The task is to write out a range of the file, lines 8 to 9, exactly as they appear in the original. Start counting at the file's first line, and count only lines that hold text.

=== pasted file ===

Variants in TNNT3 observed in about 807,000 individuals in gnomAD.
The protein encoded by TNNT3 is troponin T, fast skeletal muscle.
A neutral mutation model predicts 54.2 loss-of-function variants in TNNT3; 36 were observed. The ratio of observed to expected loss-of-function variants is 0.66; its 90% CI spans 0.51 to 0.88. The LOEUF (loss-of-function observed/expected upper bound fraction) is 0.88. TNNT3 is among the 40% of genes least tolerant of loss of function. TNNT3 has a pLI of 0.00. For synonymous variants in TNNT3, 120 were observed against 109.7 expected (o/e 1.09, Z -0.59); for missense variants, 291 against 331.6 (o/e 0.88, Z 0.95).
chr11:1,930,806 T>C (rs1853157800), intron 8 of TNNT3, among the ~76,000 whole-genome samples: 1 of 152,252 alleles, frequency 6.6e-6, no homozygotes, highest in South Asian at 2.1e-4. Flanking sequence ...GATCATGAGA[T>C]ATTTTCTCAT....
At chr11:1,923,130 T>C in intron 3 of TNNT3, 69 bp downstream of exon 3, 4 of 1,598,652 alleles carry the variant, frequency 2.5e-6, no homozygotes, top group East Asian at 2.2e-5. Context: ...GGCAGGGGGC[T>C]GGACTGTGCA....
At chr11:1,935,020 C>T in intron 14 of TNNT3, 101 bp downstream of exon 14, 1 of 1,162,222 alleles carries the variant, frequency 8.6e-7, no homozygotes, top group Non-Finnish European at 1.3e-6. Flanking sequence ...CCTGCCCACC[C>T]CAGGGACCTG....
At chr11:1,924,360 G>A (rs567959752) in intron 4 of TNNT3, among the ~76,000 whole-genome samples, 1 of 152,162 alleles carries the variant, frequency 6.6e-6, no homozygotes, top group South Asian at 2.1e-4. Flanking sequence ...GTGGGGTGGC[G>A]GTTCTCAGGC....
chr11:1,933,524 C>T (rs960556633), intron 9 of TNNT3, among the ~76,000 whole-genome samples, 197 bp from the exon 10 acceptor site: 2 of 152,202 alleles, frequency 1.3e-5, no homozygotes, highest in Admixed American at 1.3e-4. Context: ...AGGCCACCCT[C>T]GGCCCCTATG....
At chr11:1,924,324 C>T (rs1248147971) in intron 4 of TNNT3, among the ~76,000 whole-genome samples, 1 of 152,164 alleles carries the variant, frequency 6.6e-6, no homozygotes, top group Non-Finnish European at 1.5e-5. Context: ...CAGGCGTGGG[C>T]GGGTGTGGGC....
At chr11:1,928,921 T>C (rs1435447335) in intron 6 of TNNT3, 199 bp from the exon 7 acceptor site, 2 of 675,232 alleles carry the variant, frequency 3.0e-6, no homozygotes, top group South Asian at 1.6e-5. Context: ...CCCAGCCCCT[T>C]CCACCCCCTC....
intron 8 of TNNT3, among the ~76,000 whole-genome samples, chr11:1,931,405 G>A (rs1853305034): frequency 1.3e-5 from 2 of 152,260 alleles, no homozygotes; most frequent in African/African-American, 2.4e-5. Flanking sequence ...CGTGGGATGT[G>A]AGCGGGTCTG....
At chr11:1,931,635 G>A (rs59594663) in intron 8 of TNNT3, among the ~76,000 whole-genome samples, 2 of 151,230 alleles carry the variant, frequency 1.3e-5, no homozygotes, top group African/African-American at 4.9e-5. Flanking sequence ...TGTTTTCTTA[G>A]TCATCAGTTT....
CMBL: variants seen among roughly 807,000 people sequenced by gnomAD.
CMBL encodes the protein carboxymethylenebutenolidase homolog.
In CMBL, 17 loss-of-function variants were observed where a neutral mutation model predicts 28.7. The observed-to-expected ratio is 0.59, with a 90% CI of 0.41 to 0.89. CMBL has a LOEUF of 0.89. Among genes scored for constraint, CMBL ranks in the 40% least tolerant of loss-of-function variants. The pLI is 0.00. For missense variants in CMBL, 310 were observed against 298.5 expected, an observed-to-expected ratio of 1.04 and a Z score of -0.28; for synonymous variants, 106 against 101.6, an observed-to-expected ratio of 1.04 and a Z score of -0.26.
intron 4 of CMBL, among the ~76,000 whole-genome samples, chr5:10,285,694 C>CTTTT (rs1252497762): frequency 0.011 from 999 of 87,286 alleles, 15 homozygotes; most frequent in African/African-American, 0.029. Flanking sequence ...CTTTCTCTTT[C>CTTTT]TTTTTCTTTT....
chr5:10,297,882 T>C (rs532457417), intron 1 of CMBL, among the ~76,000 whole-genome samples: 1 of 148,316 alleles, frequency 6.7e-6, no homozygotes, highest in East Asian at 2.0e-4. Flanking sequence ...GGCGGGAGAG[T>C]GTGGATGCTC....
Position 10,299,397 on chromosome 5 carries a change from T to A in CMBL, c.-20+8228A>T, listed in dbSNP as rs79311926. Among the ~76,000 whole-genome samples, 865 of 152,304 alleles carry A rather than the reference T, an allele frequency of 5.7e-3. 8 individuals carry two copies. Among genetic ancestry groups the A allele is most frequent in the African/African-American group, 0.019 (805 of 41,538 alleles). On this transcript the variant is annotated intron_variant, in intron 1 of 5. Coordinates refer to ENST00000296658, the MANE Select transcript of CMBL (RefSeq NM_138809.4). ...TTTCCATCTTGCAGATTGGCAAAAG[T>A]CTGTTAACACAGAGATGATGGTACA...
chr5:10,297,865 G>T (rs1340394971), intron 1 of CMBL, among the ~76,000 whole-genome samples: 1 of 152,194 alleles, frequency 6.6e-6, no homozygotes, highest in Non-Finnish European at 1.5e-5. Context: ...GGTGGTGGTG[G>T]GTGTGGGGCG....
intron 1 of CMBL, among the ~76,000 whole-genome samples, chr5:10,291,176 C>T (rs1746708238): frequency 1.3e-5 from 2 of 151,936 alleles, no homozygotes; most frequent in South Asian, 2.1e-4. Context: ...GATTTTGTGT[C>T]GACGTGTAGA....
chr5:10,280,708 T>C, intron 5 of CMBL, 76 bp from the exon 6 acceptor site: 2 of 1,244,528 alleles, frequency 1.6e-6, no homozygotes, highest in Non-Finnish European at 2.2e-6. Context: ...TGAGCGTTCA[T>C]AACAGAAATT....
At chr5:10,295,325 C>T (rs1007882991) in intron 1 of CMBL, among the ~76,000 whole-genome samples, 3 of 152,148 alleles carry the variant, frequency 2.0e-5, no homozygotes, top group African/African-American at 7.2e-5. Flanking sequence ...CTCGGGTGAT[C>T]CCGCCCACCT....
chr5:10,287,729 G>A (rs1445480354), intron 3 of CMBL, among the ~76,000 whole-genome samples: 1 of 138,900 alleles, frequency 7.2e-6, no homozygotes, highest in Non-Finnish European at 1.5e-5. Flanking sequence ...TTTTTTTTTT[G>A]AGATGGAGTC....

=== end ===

chr11:1,933,524 C>T (rs960556633), intron 9 of TNNT3, among the ~76,000 whole-genome samples, 197 bp from the exon 10 acceptor site: 2 of 152,202 alleles, frequency 1.3e-5, no homozygotes, highest in Admixed American at 1.3e-4. Context: ...AGGCCACCCT[C>T]GGCCCCTATG....
At chr11:1,924,324 C>T (rs1248147971) in intron 4 of TNNT3, among the ~76,000 whole-genome samples, 1 of 152,164 alleles carries the variant, frequency 6.6e-6, no homozygotes, top group Non-Finnish European at 1.5e-5. Context: ...CAGGCGTGGG[C>T]GGGTGTGGGC....